Management of type 1 diabetes
People with type 1 diabetes require daily insulin treatment, regular blood glucose monitoring and a healthy lifestyle to manage their condition effectively.
All people with type 1 diabetes need to take insulin to control their blood glucose levels. There are different types of insulin depending on how quickly they work, when they peak, and how long they last. The three most common ways to take insulin are with a syringe, an insulin pen or an insulin pump.
Types of insulin include:
Rapid-acting like Aspart, Glulisine and Lispro is taken with or before meals to limit blood sugar spikes quickly.
Short-acting , also known as regular or neutral insulin, is taken before meals. It is slower-acting than rapid-acting insulin but may be more suitable for some people. Actrapid, Humulin R, and Insuman Rapid are examples of short-acting insulin.
Intermediate-acting is usually taken with a short-acting one. It begins working within an hour of injection and reaches its peak activity within seven hours. Examples of intermediate-acting insulin are Humulin NPH, Protaphane, and Insulatard.
Long-acting can last up to 24 hours in the body and are usually taken in the morning or before bed. Some examples are Detemir and Glargine.
Two common insulin treatment plans include:
Twice-daily insulin: using both short-acting and intermediate-acting insulin.
Basal bolus regimen: short-acting insulin taken with main meals (usually three times a day) and intermediate-acting insulin given once or twice daily (evening or morning and evening).
Regular physical activity dramatically benefits people with type 1 diabetes. It improves cardiovascular health, builds strength, aids in weight management and helps manage blood glucose levels. Exercise also boosts mood, reduces stress, and increases mental well-being for a healthy lifestyle.
It is important to consider timing your physical activity to avoid low blood glucose (hypoglycaemia), which can occur during or after exercise, especially if insulin levels are too high or carbohydrate intake is too low. Recognising the signs of hypoglycaemia, such as dizziness, confusion, or shakiness, is essential for prompt treatment.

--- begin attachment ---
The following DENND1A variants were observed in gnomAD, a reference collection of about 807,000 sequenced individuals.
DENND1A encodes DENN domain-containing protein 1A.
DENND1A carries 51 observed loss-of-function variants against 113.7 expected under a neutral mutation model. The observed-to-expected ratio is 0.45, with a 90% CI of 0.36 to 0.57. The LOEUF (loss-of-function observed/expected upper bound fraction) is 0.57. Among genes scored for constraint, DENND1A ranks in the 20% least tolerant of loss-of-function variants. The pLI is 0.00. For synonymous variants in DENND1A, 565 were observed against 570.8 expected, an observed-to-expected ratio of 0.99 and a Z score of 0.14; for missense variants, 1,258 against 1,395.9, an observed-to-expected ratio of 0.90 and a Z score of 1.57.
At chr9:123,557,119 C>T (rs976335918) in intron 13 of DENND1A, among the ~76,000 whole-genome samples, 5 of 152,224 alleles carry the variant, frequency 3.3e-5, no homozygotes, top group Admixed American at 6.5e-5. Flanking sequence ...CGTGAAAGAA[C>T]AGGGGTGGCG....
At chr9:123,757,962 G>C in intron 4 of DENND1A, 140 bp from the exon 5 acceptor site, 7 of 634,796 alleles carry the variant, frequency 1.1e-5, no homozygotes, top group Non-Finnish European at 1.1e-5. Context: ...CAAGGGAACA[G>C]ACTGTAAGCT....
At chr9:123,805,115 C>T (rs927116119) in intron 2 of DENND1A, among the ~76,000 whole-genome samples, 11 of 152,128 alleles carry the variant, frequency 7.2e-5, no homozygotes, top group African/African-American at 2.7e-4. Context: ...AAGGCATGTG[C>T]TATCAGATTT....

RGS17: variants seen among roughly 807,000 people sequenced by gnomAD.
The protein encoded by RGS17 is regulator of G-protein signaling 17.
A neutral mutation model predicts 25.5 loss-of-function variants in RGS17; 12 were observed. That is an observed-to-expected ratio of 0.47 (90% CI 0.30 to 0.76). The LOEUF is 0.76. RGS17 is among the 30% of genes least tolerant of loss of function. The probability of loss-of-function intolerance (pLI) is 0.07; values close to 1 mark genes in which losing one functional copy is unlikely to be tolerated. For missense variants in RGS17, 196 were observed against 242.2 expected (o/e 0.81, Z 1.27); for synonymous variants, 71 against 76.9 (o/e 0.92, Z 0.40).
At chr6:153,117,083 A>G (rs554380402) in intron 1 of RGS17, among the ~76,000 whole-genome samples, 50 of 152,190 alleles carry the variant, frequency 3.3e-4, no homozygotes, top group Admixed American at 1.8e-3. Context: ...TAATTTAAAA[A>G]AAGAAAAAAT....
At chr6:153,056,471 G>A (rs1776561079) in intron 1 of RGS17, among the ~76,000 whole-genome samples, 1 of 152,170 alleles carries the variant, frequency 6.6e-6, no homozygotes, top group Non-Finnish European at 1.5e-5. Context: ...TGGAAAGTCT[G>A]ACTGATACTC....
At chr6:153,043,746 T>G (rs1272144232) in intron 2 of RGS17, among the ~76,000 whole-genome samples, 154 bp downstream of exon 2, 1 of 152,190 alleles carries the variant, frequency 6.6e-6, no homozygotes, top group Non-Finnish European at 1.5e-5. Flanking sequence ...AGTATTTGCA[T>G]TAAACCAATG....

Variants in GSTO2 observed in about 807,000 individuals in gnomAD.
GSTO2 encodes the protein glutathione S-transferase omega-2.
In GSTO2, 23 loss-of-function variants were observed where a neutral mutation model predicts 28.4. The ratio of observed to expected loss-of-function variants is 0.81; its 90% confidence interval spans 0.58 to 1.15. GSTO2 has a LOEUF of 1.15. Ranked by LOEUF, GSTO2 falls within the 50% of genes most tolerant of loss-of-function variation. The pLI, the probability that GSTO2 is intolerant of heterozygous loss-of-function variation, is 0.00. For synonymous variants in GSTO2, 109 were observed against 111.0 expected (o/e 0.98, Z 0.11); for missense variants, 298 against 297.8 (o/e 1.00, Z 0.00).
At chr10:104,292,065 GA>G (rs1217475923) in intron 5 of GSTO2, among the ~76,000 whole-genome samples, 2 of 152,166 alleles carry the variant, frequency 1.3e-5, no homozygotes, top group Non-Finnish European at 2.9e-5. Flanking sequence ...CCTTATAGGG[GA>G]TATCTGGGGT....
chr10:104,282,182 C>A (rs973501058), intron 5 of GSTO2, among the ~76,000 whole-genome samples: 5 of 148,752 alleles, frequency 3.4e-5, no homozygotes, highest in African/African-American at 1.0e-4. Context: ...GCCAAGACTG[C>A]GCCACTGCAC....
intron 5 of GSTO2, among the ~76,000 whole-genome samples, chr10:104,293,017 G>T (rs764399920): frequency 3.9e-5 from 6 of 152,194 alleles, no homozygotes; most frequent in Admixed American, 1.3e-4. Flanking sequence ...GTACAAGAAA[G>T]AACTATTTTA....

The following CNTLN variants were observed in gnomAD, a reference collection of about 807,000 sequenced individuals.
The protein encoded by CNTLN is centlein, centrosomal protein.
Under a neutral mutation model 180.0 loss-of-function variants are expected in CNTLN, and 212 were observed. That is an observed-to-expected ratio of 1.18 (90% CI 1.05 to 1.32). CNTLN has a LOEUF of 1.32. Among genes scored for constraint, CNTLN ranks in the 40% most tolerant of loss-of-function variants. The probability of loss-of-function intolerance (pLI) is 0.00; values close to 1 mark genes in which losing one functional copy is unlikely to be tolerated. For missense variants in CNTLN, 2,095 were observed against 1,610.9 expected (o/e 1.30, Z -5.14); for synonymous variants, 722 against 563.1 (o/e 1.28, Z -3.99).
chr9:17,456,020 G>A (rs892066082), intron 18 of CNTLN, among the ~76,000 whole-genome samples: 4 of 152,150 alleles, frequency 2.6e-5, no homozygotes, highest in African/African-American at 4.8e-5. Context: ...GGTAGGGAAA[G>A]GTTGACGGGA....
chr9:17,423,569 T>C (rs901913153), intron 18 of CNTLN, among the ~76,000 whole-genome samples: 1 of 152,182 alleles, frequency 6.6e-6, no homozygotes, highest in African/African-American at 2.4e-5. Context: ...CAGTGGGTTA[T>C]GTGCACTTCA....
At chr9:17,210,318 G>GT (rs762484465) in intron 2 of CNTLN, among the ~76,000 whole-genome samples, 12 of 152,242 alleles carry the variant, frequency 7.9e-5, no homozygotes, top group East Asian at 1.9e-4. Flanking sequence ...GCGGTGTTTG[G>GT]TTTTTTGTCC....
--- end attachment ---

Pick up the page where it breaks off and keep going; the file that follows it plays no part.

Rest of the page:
Before starting any exercise programme, consult your healthcare team to help you pick the best time for physical activity and choose an appropriate exercise plan based on your current fitness level, individual needs and insulin regimen.
- Adjust insulin dosage to prevent hypoglycaemia.
- For longer or intense workouts, consume additional carbohydrates.
- Monitor blood glucose levels during exercise and consume carbohydrates if needed.
Choosing a type of exercise
- Cardio exercises like walking, jogging, swimming or cycling can improve cardiovascular health, manage weight and increase insulin sensitivity.
- Strength training, using weights or resistance bands, can improve insulin sensitivity and blood sugar management and prevent muscle loss.
- Flexibility exercises like yoga and Pilates reduce the risk of injury and enhance physical performance.
Tips for safe and effective exercise with type 1 diabetes
- Aim for regular physical activity to maintain stable blood glucose levels and enhance the effectiveness of exercise.
- Listen to your body — if you experience unusual symptoms, check blood glucose levels and adjust intensity or activity as needed.
- Prevent dehydration and maintain normal blood glucose levels by drinking water before, during and after exercising.
- When exercising with others, educate them about your condition for a safe and supportive environment.
- Carry fast-acting carbs like glucose tablets or fruit juice in case of hypoglycaemia during exercise.
- Monitor and track the impact of your exercise routine on blood glucose levels, including insulin and carb adjustments, to make informed decisions.
Healthy eating for type 1 diabetes
People with type 1 diabetes can eat a variety of food without restrictions. The days of following strict guidelines are long gone, thanks to advancements in insulin regimens and delivery systems. However, to help keep blood glucose levels within the target range and delay or avoid diabetes-related complications, people with type 1 diabetes should follow a healthy and balanced diet that includes all major food groups.
The amount of carbohydrates you eat will affect your blood glucose level, so counting carbohydrate intake is essential to keep these levels stable. This means matching insulin to the amount of carbohydrates you eat and drink.
Choose healthier options such as:
- whole grains
- starchy foods
- fruits and vegetables
- pulses (legumes)
- unsweetened yoghurt and milk products
- nuts and seeds
Avoid sugary drinks and fruit juices for thirst because these can cause spikes in blood glucose levels. However, they can be helpful when treating episodes of low blood glucose — hypoglycaemia. Instead of sugary options, choose water or sugar-free drinks, tea and coffee.
Remember that moderation is key when consuming any food or beverage while managing type 1 diabetes.